The first solid evidence of an actual profitable barn-like, windowless fish house on the current Cozy Harbor site dates to about 1828, the year when Jonathan’s taxes bumped up very considerably. Emolyn Pratt in her piece for the Old House Book refers to the existence of a “building” here in 1779, and gives many more details of the operation.

According to Bill Messmer, it is that 1828 structure whose bones reside in what is now Oliver’s Restaurant. In 1828 Jonathan Pierce used the barn-like building to store and sell fishing supplies and perhaps — but not for certain — general merchandise. The barn-like structure with its attached wharf facilities long remained as a prosperous fish house enterprise selling nets, bait, and other fishing supplies and catering mainly to the bank cod business.

Thomas Marr married one of Jonathan Pierce’s daughters, and upon Jonathan’s death in 1848, the fish house became Marr property. Jointly run by brothers Thomas and Nahum Marr, the fish house business thrived until 1870 when the popular demand for fresh fish foretold the demise of salted cod. In 1910, Warren Marr purchased the building and converted the once bank cod establishment into an ice cream parlor.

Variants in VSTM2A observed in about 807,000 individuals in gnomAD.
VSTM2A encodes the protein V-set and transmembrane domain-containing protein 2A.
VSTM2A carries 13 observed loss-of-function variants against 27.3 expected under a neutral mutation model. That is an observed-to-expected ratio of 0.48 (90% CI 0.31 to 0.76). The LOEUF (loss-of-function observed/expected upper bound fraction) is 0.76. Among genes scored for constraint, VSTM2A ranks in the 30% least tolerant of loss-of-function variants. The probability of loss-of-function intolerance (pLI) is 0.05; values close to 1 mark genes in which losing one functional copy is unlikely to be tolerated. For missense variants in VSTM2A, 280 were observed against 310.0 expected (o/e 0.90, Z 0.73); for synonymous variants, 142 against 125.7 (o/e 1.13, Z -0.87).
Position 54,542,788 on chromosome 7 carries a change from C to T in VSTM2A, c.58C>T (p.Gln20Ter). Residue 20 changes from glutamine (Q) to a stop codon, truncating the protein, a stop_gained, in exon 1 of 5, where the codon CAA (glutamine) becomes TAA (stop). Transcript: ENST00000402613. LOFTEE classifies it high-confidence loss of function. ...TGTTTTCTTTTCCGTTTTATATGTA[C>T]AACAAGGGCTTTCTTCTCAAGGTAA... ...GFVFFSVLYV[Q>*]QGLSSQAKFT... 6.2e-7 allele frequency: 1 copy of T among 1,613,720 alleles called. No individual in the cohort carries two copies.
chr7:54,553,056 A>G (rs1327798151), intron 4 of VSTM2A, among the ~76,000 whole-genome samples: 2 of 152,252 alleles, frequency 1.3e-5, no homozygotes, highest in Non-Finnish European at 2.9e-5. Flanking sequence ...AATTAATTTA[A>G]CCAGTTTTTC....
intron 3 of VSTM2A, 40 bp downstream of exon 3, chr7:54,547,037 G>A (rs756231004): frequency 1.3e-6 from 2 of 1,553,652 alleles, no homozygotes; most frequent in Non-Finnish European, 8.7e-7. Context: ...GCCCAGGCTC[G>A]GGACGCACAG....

Soon after Marr’s parlor opened, a ship, carrying three “ten-pin” bowling alleys, foundered in shoal waters off Boothbay Harbor. They were salvaged and Marr bought one them and installed one alley on the first floor of his ice-cream shop. The other two were sold to the owners of Mouse Island where they currently exist. Many people well remember bowling candlepins in the Cozy Harbor alley.

The Marr family sold the ice-cream parlor and bowling alley to Malden, Massachusetts resident Earl Pratt in 1920. Earl Pratt with his father, Ezra, also purchased Joe’s Island, renamed it Pratt’s Island, and proceeded to build cottages for rent. Later, many of these lots were sold to the current residents of Pratt’s Island.

Nineteen years earlier, in 1901, the Reverend J. D. Payson and his wife, Laura, who was a Marr, opened the Cozy Harbor House in what is now the Southport Yacht Club. They remodeled the historic house to include a kitchen and dining room, while adding a spacious enclosed porch making the Cozy Harbor House, a successful summer boarding house.